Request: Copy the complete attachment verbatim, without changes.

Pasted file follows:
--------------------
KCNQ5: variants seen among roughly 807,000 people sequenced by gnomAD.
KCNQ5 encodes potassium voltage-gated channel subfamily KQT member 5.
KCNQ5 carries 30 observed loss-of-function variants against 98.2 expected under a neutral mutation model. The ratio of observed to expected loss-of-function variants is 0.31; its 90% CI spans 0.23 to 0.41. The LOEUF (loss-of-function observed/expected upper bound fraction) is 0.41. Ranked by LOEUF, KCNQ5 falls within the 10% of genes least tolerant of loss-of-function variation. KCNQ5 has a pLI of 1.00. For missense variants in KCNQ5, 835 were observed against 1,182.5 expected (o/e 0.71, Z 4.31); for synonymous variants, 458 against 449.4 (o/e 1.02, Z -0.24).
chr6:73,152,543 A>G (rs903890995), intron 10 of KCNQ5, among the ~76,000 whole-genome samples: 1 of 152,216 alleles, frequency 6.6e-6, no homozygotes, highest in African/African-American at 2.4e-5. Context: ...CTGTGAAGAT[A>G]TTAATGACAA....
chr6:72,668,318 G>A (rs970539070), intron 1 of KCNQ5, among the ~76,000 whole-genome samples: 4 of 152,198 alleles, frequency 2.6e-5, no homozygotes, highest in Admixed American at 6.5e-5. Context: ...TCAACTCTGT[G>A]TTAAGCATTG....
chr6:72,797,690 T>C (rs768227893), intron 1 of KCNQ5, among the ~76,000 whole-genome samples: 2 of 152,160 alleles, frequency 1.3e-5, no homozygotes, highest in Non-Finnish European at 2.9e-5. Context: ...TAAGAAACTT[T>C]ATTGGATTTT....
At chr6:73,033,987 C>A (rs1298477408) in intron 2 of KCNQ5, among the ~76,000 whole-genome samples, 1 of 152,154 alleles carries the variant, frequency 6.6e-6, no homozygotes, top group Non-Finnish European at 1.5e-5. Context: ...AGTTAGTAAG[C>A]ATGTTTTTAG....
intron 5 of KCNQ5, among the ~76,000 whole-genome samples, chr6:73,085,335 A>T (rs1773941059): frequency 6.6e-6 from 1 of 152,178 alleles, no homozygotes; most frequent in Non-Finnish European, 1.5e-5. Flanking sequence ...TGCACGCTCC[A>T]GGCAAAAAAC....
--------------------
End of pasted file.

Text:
KCNQ5: variants seen among roughly 807,000 people sequenced by gnomAD.
KCNQ5 encodes potassium voltage-gated channel subfamily KQT member 5.
KCNQ5 carries 30 observed loss-of-function variants against 98.2 expected under a neutral mutation model. The ratio of observed to expected loss-of-function variants is 0.31; its 90% CI spans 0.23 to 0.41. The LOEUF (loss-of-function observed/expected upper bound fraction) is 0.41. Ranked by LOEUF, KCNQ5 falls within the 10% of genes least tolerant of loss-of-function variation. KCNQ5 has a pLI of 1.00. For missense variants in KCNQ5, 835 were observed against 1,182.5 expected (o/e 0.71, Z 4.31); for synonymous variants, 458 against 449.4 (o/e 1.02, Z -0.24).
chr6:73,152,543 A>G (rs903890995), intron 10 of KCNQ5, among the ~76,000 whole-genome samples: 1 of 152,216 alleles, frequency 6.6e-6, no homozygotes, highest in African/African-American at 2.4e-5. Context: ...CTGTGAAGAT[A>G]TTAATGACAA....
chr6:72,668,318 G>A (rs970539070), intron 1 of KCNQ5, among the ~76,000 whole-genome samples: 4 of 152,198 alleles, frequency 2.6e-5, no homozygotes, highest in Admixed American at 6.5e-5. Context: ...TCAACTCTGT[G>A]TTAAGCATTG....
chr6:72,797,690 T>C (rs768227893), intron 1 of KCNQ5, among the ~76,000 whole-genome samples: 2 of 152,160 alleles, frequency 1.3e-5, no homozygotes, highest in Non-Finnish European at 2.9e-5. Context: ...TAAGAAACTT[T>C]ATTGGATTTT....
At chr6:73,033,987 C>A (rs1298477408) in intron 2 of KCNQ5, among the ~76,000 whole-genome samples, 1 of 152,154 alleles carries the variant, frequency 6.6e-6, no homozygotes, top group Non-Finnish European at 1.5e-5. Context: ...AGTTAGTAAG[C>A]ATGTTTTTAG....
intron 5 of KCNQ5, among the ~76,000 whole-genome samples, chr6:73,085,335 A>T (rs1773941059): frequency 6.6e-6 from 1 of 152,178 alleles, no homozygotes; most frequent in Non-Finnish European, 1.5e-5. Flanking sequence ...TGCACGCTCC[A>T]GGCAAAAAAC....